Welcome to a very brief overview of the recent performance in the markets. The essentials are captured in the table below and each week we will show a chart of interest.
Gold remained relatively resilient over the past week, reaching eight-week highs and testing $1,800/ounce, although there was one slip last Friday as the dollar rebounded – briefly – on the back of stronger new home sales figures than the market had been expecting. The physical market has continued to improve in south-east Asia, although the sad developments in India, with the virus taking hold again, have put that market’s recovery on hold. Coin demand remains very strong, especially in America, with a number of mints around the world on allocation and a few unable to keep up with demand.
The latest figures from the U.S. Mint, for example, suggest that demand has faded; we suspect that in fact it may be more a case of tightness in supply in the face of strong buying interest; premia have been very high, but this does not appear to be deterring buyers.
On another side of the market, gold exchange traded products continue to lose metal, although the pace of redemptions has slowed substantially. In January the gold ETPs were virtually unchanged and then as the bond market took fright, expecting an inflationary recovery in the U.S. economy, gold lost some of its appeal and 124t left the funds. March was much the same in terms of sentiment so as the physical regional demand markets were improving, the ETFs lost 135t of metal. In the first three weeks of April, however, the reduction has been much slower at 20 tonnes (and last week there was one day when holdings actually increased, albeit very marginally), leaving total holdings currently at 3,553 tonnes, which at $1,780 is worth $203Bn. To put this in context, world mine production is in the region of 3,500 tonnes per annum.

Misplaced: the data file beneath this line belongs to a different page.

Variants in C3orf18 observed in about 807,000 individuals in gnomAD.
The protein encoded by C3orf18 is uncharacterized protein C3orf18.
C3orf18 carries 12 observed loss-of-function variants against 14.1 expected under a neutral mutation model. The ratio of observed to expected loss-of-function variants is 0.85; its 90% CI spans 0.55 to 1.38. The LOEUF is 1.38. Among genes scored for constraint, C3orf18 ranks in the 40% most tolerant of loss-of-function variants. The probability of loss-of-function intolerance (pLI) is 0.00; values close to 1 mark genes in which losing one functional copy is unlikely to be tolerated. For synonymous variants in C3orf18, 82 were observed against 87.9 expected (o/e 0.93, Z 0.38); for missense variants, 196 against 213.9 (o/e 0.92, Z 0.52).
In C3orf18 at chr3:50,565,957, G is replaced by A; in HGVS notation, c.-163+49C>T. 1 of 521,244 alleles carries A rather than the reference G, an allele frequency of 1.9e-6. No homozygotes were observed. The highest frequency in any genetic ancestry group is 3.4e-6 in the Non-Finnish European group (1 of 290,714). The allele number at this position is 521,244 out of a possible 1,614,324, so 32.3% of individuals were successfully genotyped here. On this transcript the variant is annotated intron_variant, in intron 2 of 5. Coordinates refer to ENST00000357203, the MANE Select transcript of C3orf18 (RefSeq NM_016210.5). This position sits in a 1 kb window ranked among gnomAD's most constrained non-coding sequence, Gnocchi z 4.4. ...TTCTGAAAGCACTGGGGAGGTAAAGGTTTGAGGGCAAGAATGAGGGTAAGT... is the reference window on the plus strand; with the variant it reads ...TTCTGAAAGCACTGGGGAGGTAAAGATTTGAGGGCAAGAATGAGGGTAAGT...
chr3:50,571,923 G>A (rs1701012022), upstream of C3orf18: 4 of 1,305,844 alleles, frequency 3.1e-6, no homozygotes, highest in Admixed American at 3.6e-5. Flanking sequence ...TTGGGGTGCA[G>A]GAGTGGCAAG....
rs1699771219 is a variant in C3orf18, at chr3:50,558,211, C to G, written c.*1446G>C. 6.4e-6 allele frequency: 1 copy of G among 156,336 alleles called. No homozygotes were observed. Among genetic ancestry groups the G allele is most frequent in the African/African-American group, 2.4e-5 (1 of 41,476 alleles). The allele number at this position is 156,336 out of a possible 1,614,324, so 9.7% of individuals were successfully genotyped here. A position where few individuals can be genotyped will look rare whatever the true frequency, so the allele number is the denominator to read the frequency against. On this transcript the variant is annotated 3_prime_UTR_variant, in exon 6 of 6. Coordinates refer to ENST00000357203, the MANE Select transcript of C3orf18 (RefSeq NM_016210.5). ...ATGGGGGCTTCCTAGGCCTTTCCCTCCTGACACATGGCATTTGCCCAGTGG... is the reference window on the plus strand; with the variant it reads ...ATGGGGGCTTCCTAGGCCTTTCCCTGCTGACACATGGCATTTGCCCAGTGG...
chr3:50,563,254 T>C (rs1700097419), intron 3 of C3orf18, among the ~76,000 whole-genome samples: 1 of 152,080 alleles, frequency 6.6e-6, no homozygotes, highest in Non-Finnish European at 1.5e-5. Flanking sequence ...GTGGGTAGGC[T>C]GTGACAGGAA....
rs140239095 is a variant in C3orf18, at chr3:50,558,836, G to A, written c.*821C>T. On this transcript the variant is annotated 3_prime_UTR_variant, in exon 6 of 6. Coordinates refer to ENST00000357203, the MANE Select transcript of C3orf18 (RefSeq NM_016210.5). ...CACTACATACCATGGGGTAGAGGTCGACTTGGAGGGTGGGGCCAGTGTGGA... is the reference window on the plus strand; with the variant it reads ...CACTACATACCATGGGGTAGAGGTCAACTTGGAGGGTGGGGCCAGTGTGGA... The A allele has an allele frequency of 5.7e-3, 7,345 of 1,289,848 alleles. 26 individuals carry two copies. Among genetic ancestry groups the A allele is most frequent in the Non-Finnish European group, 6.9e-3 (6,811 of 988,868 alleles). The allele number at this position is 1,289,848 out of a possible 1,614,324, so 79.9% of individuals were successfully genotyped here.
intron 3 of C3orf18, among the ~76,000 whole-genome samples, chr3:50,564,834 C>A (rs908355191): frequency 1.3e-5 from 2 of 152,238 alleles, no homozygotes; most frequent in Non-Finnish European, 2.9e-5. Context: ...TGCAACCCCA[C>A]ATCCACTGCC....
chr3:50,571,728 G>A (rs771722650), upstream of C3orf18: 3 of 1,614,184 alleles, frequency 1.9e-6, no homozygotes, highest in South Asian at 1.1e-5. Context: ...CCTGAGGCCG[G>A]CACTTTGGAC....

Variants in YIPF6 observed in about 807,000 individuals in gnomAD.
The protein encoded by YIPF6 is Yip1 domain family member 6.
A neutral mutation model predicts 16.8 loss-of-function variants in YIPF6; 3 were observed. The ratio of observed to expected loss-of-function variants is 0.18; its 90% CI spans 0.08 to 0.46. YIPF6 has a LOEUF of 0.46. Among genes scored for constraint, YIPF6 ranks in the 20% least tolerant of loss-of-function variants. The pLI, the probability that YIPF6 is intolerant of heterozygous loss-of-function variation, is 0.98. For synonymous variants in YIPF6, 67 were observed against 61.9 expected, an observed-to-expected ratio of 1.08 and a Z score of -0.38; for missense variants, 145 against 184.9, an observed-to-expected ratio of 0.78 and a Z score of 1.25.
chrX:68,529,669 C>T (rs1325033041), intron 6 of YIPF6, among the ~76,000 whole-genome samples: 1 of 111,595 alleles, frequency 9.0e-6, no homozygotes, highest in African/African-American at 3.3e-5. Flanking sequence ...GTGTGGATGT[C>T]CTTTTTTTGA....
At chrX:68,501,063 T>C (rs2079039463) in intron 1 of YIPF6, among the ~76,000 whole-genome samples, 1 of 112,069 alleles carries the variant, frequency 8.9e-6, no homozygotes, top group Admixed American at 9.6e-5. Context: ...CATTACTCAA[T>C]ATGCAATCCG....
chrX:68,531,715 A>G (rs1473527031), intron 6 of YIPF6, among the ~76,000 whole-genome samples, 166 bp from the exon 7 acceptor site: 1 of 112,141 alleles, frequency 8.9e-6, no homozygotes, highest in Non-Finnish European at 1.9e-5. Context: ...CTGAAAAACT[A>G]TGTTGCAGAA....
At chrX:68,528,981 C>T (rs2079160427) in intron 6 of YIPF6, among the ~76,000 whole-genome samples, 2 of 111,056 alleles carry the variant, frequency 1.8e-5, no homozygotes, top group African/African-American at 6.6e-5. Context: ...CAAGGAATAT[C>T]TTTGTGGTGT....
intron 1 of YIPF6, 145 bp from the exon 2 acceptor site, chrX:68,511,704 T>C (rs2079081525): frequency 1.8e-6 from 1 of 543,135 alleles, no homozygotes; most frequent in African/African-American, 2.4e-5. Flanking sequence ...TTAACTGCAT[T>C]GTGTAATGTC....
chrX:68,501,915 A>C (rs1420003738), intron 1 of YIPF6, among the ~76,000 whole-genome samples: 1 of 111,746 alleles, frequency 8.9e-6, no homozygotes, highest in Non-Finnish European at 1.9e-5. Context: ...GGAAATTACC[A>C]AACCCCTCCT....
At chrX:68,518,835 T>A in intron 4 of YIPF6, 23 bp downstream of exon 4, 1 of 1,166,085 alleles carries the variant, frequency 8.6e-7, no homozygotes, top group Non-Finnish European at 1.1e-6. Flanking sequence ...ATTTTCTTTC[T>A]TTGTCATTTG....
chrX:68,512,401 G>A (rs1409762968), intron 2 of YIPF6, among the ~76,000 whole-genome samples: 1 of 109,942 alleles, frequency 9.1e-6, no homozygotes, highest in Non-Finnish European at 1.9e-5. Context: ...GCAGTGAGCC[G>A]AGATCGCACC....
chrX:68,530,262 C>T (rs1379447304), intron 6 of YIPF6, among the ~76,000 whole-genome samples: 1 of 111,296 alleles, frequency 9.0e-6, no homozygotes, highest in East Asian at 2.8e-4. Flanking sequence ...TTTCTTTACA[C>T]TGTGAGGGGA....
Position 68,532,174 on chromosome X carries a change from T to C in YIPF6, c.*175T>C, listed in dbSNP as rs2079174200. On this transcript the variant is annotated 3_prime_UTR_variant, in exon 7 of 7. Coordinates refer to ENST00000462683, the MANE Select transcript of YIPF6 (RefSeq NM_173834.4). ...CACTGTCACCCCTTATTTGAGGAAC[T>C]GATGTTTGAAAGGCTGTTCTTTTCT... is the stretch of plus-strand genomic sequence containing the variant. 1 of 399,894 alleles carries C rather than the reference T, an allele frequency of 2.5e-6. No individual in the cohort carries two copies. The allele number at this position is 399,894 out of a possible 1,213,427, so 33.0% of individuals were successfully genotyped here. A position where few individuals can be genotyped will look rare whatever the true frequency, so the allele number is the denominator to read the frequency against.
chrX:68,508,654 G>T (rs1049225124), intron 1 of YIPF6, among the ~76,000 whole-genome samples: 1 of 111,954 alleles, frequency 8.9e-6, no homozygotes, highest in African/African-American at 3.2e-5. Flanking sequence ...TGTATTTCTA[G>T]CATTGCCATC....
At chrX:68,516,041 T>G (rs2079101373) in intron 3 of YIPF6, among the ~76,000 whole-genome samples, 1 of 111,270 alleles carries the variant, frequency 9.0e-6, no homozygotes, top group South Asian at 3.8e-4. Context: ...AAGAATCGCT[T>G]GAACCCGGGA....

Sentiment in the bond market has changed slightly, and market opinions are currently mixed about the outlook for the dollar. Bears are concentrating on the stance of the Federal Reserve, which holds its third Open Market Committee policy meeting this week and is fully expected to adhere to its stance of lower-for-longer with respect to interest rates; of more interest is what the Board will say about the possibility of tapering later this year (i.e. reducing the rate of asset purchases from the current $120Bn per month); while bulls are pointing, among other things, to the likelihood of more strong economic data this week and the continued problems in Europe. Behind this is the high rate of vaccinations in the United States, compared with the much more sluggish roll-out in Europe. This week sees a lot of economic numbers around the world, notably GDP and CPI rates, while the reporting season for equities in the United States gets into full swing. To that end we should probably expect a cautious gold market to start with. Unless there are any major surprises gold is likely to continue to test $1,800, although there are signs of mine hedge-related selling into attempts on that level.